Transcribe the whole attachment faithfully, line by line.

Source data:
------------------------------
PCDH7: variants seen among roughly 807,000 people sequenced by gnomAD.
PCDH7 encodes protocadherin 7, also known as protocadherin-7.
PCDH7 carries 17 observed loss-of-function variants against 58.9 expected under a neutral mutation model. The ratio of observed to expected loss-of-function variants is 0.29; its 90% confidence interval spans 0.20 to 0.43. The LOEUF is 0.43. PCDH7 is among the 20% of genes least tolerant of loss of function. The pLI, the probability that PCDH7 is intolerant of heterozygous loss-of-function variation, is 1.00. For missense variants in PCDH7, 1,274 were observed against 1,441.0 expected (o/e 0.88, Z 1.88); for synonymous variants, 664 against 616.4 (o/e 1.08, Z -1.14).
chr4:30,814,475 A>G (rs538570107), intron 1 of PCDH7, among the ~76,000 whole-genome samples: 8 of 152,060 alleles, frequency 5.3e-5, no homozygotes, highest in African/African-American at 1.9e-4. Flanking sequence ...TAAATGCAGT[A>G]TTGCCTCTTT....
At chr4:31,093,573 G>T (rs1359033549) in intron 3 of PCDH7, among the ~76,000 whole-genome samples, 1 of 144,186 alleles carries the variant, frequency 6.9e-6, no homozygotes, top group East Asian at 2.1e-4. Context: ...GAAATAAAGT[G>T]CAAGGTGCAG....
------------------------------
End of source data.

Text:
PCDH7: variants seen among roughly 807,000 people sequenced by gnomAD.
PCDH7 encodes protocadherin 7, also known as protocadherin-7.
PCDH7 carries 17 observed loss-of-function variants against 58.9 expected under a neutral mutation model. The ratio of observed to expected loss-of-function variants is 0.29; its 90% confidence interval spans 0.20 to 0.43. The LOEUF is 0.43. PCDH7 is among the 20% of genes least tolerant of loss of function. The pLI, the probability that PCDH7 is intolerant of heterozygous loss-of-function variation, is 1.00. For missense variants in PCDH7, 1,274 were observed against 1,441.0 expected (o/e 0.88, Z 1.88); for synonymous variants, 664 against 616.4 (o/e 1.08, Z -1.14).
chr4:30,814,475 A>G (rs538570107), intron 1 of PCDH7, among the ~76,000 whole-genome samples: 8 of 152,060 alleles, frequency 5.3e-5, no homozygotes, highest in African/African-American at 1.9e-4. Flanking sequence ...TAAATGCAGT[A>G]TTGCCTCTTT....
At chr4:31,093,573 G>T (rs1359033549) in intron 3 of PCDH7, among the ~76,000 whole-genome samples, 1 of 144,186 alleles carries the variant, frequency 6.9e-6, no homozygotes, top group East Asian at 2.1e-4. Context: ...GAAATAAAGT[G>T]CAAGGTGCAG....